Particularly strong were the UK entries, with Ian Hart winning the Best Actor award for his role in John Furse’s Blind Flight. Searching for the Wrong-Eyed Jesus is commercials director Andrew Douglas’ first documentary, originally commissioned by BBC Arena. The film consists of singer/songwriter Jim White’s musings about the mythical American South, which Douglas couples with stunning aesthetics, a welcome relief in the documentary world where many a worthy topic is tackled with great zeal and not a whole lot more. Another such documentary is Alias Kurban Said by Dutchman Jos de Putter, who turns his search for the author of the Azerbaidzhani epic Ali and Nino into a meditation on the art of storytelling. Like Searching for the Wrong-Eyed Jesus, this lushly visualised doc is shot on film and it shows.

Tribeca did manage to get their hands on the North-American premiere of Let’s Rock Again!, a documentary by music video director Dick Rude as he follows Joe Strummer and his Mescaleros on tour in the U.S. and Japan, before Strummer’s untimely death in 2002. His access to Strummer shows us a battle-scarred rock warrior, who is happy to muck about with his young Mescaleros in dressing rooms. But he also feels the pressure of having to sell his second album with them, and he drags himself to New Jersey radio stations and seedy boardwalks to do so. His efforts aren’t tireless: he knows the drill and pours every bit of energy into it, but it doesn’t look like it’s enough to make a huge success out of the band. Let’s Rock Again! is a tribute to his passion and commitment, and also shows how hard life on the road can be.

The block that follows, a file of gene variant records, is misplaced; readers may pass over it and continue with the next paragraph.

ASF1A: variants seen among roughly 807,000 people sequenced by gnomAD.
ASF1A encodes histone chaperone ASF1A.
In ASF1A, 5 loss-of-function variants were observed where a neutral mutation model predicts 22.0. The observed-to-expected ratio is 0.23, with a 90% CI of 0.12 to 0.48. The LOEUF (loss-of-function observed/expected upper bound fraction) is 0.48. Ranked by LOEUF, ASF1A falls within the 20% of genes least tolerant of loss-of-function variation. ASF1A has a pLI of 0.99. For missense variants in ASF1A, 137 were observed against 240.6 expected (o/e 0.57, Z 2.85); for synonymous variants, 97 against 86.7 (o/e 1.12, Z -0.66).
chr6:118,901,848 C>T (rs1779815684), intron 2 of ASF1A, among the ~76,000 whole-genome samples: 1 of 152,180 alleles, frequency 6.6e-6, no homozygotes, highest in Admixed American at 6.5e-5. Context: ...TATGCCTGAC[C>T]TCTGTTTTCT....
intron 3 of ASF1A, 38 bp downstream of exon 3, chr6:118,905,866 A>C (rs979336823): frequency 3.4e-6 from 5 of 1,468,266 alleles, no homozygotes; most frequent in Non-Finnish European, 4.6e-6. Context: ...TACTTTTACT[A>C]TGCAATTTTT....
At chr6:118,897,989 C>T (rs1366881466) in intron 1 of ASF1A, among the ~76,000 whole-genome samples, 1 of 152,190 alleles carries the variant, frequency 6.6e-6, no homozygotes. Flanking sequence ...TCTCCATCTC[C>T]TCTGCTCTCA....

With two documentary competitions (one for first-timer directors and one for the vets) Tribeca may be masking the fact that it can’t secure enough good features. But it offers a fascinating mix of winners and losers, from all over the world. Spearheaded by Michael Moore’s Palme d’Or, America’s documentaries are doing quite well, both artistically and commercially – while US feature films continue to wither.